His work also appeared in a number of periodicals during the 1890s – some of his paintings were reproduced in The Graphic, The Illustrated London News, Black and White, The Art Journal and The Sketch, and he also contributed original drawings to Cassell’s Family Magazine, Ally Sloper’s Half Holiday, the English Illustrated Magazine and The London Magazine. Some of his work was signed “Ralph Peacock,” while other work was signed simple “R. P.”

In the meantime he was also exhibiting regularly. His work appeared in the Royal Academy every year between 1892 and 1929, although, despite his technical abilities and his popularity as a painter, he was never made an associate of the Royal Academy, let alone a member. In 1898, he won a gold medal at the International Art Exhibition in Vienna, and he also exhibited with the British Institution, the Royal Institute of Portrait Painters, the Royal Society of British Artists, The Royal Institute of Painters in Oils, and in public and commercial galleries throughout the UK.

By 1893 Ralph had moved out of his parents’ home and was living at 11 Holland Park Road, Kensington. In 1901, he briefly lived as a boarder with Frederick Cooper, a clerk in the local Education Department, and his wife Eva, at 37 Holland Road, Kenisngton, before moving to 1A Holland Park Road. Later that year, on 10 August 1901, he married Edith Emma Brignall, at St. Mary’s Church, Beddington, Surrey. Born on 20 February 1873 in Upper Norwood, South London, she was the daughter of James Brignall, a corn merchant, and his wife Emma. In 1900, Ralph had painted Edith, along with her younger sister Ethel, in what became one of his best-known portraits, “The Sisters”, which is now owned by the Tate.

Ralph and Ethel remained at 1A Holland Park Road until 1909, when they moved to 32 Holland Park Road, where they remained until 1930. By then they had had four children: John Roydon (born in September 1902), Devis Ives (July 1906), and Graham Everett and Bingham Everett (July 1911).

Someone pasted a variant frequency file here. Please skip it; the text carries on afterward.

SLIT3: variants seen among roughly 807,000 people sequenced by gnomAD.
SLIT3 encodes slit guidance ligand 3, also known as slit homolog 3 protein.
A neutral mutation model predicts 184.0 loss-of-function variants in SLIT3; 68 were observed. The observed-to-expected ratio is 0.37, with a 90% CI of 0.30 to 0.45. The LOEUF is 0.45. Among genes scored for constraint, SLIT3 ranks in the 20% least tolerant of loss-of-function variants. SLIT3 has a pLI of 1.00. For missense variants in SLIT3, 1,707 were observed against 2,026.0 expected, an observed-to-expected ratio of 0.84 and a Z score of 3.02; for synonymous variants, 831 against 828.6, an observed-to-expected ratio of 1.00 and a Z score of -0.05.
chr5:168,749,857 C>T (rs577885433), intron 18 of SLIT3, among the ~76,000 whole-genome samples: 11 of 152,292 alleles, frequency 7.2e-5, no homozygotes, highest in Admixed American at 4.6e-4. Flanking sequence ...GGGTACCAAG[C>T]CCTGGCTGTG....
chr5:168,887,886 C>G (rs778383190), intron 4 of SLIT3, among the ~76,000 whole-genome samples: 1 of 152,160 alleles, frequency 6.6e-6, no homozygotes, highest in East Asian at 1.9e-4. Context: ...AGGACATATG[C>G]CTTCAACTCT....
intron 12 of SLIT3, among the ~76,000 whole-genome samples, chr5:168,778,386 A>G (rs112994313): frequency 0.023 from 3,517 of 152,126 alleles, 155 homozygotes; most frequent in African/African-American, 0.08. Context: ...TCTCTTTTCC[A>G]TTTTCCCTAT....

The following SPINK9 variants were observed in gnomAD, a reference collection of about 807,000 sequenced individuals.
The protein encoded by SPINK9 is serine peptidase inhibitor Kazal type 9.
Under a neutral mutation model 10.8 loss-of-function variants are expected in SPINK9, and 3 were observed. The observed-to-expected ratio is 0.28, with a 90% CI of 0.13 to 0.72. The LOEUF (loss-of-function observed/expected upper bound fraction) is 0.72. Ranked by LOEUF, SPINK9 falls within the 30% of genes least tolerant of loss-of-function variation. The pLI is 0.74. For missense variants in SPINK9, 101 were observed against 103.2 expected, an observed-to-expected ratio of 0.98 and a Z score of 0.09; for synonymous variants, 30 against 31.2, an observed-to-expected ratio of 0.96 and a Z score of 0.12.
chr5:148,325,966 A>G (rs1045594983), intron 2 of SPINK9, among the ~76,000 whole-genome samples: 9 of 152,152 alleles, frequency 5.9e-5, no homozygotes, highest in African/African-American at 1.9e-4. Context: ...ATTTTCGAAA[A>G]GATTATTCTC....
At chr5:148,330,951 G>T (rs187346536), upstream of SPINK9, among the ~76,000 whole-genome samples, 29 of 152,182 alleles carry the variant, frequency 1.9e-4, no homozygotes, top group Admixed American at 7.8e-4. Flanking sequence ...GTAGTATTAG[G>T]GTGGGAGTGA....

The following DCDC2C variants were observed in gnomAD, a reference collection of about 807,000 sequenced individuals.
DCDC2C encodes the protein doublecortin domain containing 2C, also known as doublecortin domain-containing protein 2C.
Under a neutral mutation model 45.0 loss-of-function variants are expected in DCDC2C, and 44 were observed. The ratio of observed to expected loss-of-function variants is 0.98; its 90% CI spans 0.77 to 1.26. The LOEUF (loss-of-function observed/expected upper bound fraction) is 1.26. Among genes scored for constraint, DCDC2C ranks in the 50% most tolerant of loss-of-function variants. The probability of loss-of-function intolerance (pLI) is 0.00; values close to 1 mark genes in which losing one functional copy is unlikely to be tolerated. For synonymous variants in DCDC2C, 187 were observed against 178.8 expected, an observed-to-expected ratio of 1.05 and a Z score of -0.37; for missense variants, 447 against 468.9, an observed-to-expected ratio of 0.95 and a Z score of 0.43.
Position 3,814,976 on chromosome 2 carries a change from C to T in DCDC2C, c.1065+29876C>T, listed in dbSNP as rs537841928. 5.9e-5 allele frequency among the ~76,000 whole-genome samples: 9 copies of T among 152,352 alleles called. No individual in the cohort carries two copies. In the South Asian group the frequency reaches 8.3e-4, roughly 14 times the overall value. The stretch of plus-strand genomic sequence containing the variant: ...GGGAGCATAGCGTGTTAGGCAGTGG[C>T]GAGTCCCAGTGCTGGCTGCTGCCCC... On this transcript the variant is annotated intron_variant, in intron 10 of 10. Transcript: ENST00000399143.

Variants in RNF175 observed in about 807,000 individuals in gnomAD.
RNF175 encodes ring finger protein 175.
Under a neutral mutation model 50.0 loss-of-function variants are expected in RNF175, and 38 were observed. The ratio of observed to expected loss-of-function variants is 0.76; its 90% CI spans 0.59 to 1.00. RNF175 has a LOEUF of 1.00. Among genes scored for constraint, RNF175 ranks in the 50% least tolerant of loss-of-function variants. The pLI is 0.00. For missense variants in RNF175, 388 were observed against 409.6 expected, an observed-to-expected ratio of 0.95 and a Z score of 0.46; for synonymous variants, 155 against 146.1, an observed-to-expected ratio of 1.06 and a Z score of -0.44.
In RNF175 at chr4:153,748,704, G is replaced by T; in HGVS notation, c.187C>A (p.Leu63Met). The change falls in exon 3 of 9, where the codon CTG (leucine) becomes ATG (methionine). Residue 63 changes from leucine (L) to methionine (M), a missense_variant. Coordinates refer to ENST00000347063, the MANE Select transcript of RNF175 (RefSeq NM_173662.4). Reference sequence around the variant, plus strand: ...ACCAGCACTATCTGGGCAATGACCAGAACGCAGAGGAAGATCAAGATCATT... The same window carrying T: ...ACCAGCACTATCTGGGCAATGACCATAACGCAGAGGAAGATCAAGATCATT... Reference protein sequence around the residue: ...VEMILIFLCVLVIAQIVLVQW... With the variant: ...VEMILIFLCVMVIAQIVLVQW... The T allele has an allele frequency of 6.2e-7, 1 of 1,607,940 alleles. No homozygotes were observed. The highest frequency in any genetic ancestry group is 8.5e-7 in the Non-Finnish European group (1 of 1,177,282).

His work continued to occasionally appear in periodicals – articles about him and examples of his work appeared in The Studio in 1901 and The Windsor Magazine in 1907, and his work also featured in The Strand Magazine, The Sphere and The Sketch.

In 1905, he contributed an essay on modern British Painters to Women Painters of the World, published by Hodder & Stoughton, and his work also appeared in an edition of Cassell’s History of England (1905).

By 1911, he was sufficiently well-off to afford three servants. He travelled to Amerca at least four times between 1921 and 1930, and on his return after his last journey moved to 1A Palace Gate, Kensington. A year or so later, he moved to The Gate House, Ellerton Road, Wimbledon. He was still working at the time of the 1939 Register, when he was recorded simply as a portrait painter, and employing a chauffeur and a cook.

In an essay accompanying an exhibition, “Forgotten Faces,” at the Tate Gallery in 2014, it was noted that while Ralph Peacock was “the darling of art critics at the onset of his career,” after the First World War his “inspiration seems to have dried up, and appreciation of his work declined” after the First World War.

His wife died, at St. Andrew’s Hospital, Northampton, on 21 July 1945, leaving a personal estate valued at £6,348. Ralph Peacock himself died, at his home in Ellerton Road, on 17 January 1946, leaving an estate valued at just under £29,000 (just over £1 million in today’s terms), suggesting that while he may have been forgotten by art critics, his work had remained popular with the art-buying public.


PUBLICATIONS

Books illustrated by Ralph Peacock
Olaf the Glorious: A Historical Story of the Viking Age by Robert Leighton, Blackie & Son, 1894
Wulf the Saxon: A Story of the Norman Conquest by G.A. Henty, Blackie & Son, 1895
A Knight of the White Cross: A Tale of the Siege of Rhodes by G.A. Henty, Blackie & Son, 1896
The Paladins of Edwin the Great by Clements R. Markham, A. & C. Black, 1896
Lords of the World: A Story of the Fall of Carthage and Corinth by Alfred John Church., Blackie & Son, 1898
Both Sides the Border: A Tale of Hotspur and Glendower by G.A. Henty, Blackie & Son, 1899
Cassell’s History of England, Cassell & Co., 1905 (with other artists)
Growing Up: The Story of How We Become Alive, Are Born and Grow Up by Karl de Schweinitz, Macmillan & Co., 1928
Profile Portraits and Children’s Pictures, Barbozon House, 1930 (exhibition catalogue)